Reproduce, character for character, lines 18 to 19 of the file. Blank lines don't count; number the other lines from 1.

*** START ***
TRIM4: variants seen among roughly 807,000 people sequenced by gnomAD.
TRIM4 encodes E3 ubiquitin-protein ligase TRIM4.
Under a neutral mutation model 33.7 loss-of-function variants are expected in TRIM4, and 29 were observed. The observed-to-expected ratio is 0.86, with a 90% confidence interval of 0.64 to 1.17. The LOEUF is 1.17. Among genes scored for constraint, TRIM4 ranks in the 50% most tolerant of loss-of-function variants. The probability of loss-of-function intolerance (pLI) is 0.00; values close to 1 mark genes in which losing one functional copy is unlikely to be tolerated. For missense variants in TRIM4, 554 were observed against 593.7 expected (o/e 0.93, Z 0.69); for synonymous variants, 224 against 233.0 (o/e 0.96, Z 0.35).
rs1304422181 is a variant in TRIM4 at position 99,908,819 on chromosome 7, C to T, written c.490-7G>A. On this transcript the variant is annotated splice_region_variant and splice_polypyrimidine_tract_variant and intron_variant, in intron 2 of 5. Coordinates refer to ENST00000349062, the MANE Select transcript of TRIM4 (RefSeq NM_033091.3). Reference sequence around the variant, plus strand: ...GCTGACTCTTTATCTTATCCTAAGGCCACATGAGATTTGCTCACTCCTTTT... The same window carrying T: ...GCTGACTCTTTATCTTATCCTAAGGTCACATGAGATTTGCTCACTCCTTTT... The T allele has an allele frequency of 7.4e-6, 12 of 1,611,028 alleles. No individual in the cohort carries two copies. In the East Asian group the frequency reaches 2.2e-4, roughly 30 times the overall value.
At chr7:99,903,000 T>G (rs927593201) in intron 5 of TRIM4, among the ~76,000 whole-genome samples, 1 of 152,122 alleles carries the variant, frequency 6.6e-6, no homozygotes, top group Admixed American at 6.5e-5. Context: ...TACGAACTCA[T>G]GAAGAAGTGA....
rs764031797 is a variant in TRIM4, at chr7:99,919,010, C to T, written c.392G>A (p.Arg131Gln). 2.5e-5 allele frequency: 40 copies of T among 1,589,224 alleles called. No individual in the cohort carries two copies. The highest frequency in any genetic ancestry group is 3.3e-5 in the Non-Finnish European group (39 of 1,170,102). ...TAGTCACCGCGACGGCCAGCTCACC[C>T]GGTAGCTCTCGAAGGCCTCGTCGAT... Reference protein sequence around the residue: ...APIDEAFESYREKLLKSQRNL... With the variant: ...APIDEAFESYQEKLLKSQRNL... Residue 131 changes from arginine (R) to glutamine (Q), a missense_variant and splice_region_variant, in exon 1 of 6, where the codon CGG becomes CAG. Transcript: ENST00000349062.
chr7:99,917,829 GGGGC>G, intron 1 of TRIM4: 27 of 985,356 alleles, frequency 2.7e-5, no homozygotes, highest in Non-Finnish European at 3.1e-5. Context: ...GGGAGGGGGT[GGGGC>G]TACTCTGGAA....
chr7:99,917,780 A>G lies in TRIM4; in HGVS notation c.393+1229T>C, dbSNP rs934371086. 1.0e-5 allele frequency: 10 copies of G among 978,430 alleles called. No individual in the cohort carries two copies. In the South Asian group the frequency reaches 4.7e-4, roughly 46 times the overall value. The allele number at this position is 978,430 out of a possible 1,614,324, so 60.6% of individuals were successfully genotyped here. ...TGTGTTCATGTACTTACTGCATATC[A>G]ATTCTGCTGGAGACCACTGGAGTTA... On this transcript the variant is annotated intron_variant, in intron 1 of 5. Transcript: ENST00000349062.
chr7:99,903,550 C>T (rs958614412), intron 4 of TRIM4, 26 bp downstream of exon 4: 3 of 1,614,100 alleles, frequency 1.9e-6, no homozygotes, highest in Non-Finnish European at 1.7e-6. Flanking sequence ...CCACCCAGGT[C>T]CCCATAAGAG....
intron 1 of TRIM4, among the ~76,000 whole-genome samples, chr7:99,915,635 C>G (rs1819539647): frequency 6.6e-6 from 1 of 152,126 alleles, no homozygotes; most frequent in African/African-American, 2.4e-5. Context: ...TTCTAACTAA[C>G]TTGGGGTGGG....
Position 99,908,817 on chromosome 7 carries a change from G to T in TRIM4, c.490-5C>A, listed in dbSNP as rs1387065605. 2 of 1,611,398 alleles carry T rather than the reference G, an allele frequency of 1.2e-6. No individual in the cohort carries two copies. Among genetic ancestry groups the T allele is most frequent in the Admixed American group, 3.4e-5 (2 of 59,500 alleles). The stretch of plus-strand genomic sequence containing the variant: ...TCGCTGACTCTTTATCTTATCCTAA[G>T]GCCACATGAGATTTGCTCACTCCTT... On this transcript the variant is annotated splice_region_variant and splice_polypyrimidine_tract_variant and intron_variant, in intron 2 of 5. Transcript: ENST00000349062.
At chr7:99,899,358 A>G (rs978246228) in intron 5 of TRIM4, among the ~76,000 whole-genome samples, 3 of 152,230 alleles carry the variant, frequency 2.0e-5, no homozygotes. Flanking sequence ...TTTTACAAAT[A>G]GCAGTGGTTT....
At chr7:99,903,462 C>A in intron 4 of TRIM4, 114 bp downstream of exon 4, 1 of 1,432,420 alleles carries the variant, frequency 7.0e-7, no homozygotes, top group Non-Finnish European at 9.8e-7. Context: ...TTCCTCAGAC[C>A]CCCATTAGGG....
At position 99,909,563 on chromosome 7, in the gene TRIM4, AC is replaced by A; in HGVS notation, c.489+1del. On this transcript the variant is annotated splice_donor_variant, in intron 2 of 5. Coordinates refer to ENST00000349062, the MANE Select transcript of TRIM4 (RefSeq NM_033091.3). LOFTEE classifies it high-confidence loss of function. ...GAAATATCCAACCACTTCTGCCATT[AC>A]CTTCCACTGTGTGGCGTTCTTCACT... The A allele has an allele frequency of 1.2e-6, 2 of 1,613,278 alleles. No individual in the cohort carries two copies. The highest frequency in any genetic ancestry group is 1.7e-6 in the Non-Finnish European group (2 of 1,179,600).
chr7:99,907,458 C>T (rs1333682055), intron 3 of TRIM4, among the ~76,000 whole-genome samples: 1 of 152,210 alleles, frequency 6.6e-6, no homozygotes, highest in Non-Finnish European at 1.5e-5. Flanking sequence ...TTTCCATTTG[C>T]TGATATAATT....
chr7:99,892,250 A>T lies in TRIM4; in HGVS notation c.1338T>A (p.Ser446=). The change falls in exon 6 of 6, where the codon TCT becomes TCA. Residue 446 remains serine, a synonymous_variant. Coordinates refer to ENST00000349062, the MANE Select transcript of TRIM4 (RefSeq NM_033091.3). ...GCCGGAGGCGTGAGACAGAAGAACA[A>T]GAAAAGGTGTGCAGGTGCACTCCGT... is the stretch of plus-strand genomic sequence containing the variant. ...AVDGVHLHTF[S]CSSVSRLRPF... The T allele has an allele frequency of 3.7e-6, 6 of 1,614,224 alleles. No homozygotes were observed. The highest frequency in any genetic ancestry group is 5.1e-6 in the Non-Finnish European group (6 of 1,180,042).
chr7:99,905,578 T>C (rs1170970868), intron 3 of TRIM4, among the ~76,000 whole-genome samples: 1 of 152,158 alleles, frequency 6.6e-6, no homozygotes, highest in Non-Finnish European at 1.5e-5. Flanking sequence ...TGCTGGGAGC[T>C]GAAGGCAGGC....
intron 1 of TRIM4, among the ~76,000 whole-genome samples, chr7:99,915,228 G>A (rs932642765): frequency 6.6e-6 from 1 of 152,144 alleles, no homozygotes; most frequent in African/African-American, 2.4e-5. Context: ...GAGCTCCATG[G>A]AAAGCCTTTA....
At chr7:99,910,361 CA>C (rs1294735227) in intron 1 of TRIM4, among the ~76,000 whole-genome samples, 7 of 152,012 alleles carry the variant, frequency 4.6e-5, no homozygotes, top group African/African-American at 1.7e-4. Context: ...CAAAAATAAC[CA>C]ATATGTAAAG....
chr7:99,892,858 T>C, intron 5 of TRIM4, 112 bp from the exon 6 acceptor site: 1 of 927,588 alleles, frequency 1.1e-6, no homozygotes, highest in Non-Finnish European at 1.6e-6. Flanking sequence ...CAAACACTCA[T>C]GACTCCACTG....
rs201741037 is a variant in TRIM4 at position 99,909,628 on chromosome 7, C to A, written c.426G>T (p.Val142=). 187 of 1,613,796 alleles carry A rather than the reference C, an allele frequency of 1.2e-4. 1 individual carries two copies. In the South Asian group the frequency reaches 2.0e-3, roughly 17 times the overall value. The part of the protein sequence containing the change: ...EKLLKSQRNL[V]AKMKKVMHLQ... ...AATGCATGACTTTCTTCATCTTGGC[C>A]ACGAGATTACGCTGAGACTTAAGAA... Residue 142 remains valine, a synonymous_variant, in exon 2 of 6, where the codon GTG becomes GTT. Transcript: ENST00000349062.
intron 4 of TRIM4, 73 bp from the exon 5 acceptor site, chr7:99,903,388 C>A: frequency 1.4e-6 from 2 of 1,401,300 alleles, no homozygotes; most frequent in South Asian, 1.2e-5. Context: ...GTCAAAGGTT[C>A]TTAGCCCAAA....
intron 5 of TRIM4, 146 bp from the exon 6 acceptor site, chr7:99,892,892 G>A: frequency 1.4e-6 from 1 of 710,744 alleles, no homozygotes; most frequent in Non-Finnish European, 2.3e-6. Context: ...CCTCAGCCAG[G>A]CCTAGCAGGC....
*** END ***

intron 1 of TRIM4, among the ~76,000 whole-genome samples, chr7:99,915,228 G>A (rs932642765): frequency 6.6e-6 from 1 of 152,144 alleles, no homozygotes; most frequent in African/African-American, 2.4e-5. Context: ...GAGCTCCATG[G>A]AAAGCCTTTA....
At chr7:99,910,361 CA>C (rs1294735227) in intron 1 of TRIM4, among the ~76,000 whole-genome samples, 7 of 152,012 alleles carry the variant, frequency 4.6e-5, no homozygotes, top group African/African-American at 1.7e-4. Context: ...CAAAAATAAC[CA>C]ATATGTAAAG....